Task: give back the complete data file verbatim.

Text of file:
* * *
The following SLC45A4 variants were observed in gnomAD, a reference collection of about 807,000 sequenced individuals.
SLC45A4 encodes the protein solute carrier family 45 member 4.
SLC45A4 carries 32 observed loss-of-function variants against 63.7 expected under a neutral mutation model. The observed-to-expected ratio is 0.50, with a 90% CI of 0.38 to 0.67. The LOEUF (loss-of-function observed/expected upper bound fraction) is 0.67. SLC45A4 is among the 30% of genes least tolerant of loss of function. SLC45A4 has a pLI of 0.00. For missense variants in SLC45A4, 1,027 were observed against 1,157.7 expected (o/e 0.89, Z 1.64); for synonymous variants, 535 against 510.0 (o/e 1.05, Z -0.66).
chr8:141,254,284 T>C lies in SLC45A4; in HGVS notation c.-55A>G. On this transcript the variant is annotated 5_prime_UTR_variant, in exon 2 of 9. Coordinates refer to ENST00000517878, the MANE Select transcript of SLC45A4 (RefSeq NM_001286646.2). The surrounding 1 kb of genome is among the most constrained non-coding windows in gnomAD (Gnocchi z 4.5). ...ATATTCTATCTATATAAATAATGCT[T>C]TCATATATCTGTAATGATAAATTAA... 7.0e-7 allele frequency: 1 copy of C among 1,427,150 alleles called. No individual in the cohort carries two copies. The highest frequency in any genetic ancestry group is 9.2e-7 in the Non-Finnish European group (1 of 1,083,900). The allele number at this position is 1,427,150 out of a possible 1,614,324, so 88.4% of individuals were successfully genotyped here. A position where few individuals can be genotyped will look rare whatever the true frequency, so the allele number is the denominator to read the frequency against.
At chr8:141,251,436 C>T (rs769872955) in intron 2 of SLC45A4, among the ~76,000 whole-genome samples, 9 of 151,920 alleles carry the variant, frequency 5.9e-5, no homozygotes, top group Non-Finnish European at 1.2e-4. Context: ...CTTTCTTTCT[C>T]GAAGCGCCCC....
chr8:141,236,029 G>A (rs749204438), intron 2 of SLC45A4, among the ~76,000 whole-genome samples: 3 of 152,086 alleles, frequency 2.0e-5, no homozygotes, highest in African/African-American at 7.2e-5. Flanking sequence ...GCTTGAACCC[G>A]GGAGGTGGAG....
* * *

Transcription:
The following SLC45A4 variants were observed in gnomAD, a reference collection of about 807,000 sequenced individuals.
SLC45A4 encodes the protein solute carrier family 45 member 4.
SLC45A4 carries 32 observed loss-of-function variants against 63.7 expected under a neutral mutation model. The observed-to-expected ratio is 0.50, with a 90% CI of 0.38 to 0.67. The LOEUF (loss-of-function observed/expected upper bound fraction) is 0.67. SLC45A4 is among the 30% of genes least tolerant of loss of function. SLC45A4 has a pLI of 0.00. For missense variants in SLC45A4, 1,027 were observed against 1,157.7 expected (o/e 0.89, Z 1.64); for synonymous variants, 535 against 510.0 (o/e 1.05, Z -0.66).
chr8:141,254,284 T>C lies in SLC45A4; in HGVS notation c.-55A>G. On this transcript the variant is annotated 5_prime_UTR_variant, in exon 2 of 9. Coordinates refer to ENST00000517878, the MANE Select transcript of SLC45A4 (RefSeq NM_001286646.2). The surrounding 1 kb of genome is among the most constrained non-coding windows in gnomAD (Gnocchi z 4.5). ...ATATTCTATCTATATAAATAATGCT[T>C]TCATATATCTGTAATGATAAATTAA... 7.0e-7 allele frequency: 1 copy of C among 1,427,150 alleles called. No individual in the cohort carries two copies. The highest frequency in any genetic ancestry group is 9.2e-7 in the Non-Finnish European group (1 of 1,083,900). The allele number at this position is 1,427,150 out of a possible 1,614,324, so 88.4% of individuals were successfully genotyped here. A position where few individuals can be genotyped will look rare whatever the true frequency, so the allele number is the denominator to read the frequency against.
At chr8:141,251,436 C>T (rs769872955) in intron 2 of SLC45A4, among the ~76,000 whole-genome samples, 9 of 151,920 alleles carry the variant, frequency 5.9e-5, no homozygotes, top group Non-Finnish European at 1.2e-4. Context: ...CTTTCTTTCT[C>T]GAAGCGCCCC....
chr8:141,236,029 G>A (rs749204438), intron 2 of SLC45A4, among the ~76,000 whole-genome samples: 3 of 152,086 alleles, frequency 2.0e-5, no homozygotes, highest in African/African-American at 7.2e-5. Flanking sequence ...GCTTGAACCC[G>A]GGAGGTGGAG....